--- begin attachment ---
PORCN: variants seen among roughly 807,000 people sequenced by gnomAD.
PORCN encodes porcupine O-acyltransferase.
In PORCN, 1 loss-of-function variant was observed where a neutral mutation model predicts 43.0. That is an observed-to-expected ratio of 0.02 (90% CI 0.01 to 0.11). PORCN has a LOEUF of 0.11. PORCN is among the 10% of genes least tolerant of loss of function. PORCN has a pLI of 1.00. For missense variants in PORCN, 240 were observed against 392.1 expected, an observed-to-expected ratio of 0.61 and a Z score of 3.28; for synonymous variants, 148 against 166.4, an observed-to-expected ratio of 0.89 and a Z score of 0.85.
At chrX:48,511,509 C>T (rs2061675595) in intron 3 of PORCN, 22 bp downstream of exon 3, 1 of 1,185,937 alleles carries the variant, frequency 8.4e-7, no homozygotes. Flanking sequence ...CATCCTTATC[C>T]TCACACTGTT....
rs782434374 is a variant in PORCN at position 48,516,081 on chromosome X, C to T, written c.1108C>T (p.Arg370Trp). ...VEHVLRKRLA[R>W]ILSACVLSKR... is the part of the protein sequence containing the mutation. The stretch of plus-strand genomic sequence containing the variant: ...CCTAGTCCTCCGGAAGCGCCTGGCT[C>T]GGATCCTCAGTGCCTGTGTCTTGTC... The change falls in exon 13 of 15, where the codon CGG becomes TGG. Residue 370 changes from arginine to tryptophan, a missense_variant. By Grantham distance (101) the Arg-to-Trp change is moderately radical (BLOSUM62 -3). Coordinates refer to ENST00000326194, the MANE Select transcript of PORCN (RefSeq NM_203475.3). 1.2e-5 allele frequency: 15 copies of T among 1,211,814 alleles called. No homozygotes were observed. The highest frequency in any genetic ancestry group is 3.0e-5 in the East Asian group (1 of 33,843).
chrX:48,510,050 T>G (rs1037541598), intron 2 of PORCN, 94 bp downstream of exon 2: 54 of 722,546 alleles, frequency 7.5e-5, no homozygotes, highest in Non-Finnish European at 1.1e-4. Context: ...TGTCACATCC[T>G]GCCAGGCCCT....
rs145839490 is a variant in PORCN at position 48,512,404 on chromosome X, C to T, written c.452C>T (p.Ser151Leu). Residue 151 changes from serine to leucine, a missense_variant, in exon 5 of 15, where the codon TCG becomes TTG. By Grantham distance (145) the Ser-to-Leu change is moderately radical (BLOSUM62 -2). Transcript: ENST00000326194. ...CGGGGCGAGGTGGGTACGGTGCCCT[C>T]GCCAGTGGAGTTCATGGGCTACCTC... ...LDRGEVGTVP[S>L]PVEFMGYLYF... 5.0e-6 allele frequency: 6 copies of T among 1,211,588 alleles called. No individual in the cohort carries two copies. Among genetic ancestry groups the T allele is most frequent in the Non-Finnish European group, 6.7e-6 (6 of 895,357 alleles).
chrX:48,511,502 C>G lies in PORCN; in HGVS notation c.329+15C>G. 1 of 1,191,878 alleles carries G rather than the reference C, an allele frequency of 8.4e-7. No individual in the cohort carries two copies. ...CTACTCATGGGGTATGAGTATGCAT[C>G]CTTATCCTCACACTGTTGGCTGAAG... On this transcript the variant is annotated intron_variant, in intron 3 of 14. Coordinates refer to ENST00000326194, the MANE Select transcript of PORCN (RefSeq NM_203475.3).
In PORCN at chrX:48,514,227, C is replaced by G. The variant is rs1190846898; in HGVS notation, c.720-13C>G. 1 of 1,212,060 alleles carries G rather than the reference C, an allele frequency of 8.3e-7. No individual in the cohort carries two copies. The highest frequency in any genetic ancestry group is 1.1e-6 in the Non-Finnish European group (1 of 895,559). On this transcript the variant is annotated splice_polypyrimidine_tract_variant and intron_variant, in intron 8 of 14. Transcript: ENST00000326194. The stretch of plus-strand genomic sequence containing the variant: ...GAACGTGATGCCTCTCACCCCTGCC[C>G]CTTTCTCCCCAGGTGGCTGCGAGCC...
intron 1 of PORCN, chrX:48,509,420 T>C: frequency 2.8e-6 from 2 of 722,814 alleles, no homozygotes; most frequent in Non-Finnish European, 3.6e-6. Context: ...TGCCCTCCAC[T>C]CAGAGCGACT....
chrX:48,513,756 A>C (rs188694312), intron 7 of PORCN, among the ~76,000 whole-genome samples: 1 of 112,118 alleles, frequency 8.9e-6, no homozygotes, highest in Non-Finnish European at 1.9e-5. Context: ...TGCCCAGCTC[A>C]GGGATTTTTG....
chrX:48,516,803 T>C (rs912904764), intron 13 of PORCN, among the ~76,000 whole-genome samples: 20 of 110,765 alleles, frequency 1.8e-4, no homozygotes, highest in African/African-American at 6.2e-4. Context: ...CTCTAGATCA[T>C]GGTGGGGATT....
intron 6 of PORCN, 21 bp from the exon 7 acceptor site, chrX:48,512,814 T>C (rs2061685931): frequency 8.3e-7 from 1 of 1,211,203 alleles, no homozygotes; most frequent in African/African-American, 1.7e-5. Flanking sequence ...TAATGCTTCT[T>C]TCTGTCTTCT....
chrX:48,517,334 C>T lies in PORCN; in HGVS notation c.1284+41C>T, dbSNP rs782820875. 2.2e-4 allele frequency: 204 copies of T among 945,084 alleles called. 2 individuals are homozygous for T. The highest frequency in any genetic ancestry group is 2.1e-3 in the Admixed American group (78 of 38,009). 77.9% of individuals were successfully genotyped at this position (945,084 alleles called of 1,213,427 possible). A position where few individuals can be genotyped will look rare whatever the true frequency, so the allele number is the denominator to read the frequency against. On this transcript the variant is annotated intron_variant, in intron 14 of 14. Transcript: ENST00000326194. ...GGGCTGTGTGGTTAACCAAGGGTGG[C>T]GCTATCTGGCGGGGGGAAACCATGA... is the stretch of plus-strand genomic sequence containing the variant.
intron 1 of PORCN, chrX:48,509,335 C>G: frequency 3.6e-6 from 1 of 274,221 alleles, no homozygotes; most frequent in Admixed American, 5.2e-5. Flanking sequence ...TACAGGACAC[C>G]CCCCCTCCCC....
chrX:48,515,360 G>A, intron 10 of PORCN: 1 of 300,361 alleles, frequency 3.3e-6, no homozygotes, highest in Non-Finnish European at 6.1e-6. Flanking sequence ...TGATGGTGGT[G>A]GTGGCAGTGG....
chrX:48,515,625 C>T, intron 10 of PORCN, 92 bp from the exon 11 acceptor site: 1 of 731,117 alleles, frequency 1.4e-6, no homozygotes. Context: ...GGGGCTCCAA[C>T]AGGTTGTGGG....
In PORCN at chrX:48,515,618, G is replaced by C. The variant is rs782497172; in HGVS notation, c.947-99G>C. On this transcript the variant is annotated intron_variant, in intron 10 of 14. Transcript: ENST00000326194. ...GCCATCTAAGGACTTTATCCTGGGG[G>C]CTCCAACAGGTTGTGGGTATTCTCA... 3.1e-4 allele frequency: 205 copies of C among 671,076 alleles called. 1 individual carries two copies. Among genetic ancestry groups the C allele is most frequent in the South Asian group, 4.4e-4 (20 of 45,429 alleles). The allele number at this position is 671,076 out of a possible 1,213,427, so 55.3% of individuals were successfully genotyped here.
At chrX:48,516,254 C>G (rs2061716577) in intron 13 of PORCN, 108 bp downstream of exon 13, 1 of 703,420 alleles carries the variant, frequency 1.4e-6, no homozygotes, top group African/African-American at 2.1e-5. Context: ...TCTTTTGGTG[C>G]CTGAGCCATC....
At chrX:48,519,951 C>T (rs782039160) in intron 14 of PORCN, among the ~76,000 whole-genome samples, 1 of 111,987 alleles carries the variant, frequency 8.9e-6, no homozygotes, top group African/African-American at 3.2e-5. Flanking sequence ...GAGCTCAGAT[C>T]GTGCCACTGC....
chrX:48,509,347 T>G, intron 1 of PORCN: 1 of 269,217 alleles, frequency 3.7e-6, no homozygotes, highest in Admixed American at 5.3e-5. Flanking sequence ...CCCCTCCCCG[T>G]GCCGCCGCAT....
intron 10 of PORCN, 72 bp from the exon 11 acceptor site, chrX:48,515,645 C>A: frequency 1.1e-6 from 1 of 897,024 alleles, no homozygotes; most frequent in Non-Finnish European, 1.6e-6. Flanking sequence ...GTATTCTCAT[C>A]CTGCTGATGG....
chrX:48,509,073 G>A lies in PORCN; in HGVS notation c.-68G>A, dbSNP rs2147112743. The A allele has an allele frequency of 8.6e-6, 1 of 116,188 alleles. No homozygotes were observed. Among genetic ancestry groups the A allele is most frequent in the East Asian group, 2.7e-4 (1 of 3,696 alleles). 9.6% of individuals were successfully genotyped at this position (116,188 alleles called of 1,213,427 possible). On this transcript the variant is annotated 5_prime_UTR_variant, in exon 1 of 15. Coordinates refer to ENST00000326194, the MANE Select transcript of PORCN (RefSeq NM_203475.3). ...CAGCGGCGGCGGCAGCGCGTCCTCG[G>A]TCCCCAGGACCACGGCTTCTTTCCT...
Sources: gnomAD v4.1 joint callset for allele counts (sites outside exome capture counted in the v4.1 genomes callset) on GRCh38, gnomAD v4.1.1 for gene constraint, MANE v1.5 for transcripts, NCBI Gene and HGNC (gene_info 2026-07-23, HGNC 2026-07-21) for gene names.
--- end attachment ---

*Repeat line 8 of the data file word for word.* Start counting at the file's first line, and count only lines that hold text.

chrX:48,511,502 C>G lies in PORCN; in HGVS notation c.329+15C>G. 1 of 1,191,878 alleles carries G rather than the reference C, an allele frequency of 8.4e-7. No individual in the cohort carries two copies. ...CTACTCATGGGGTATGAGTATGCAT[C>G]CTTATCCTCACACTGTTGGCTGAAG... On this transcript the variant is annotated intron_variant, in intron 3 of 14. Coordinates refer to ENST00000326194, the MANE Select transcript of PORCN (RefSeq NM_203475.3).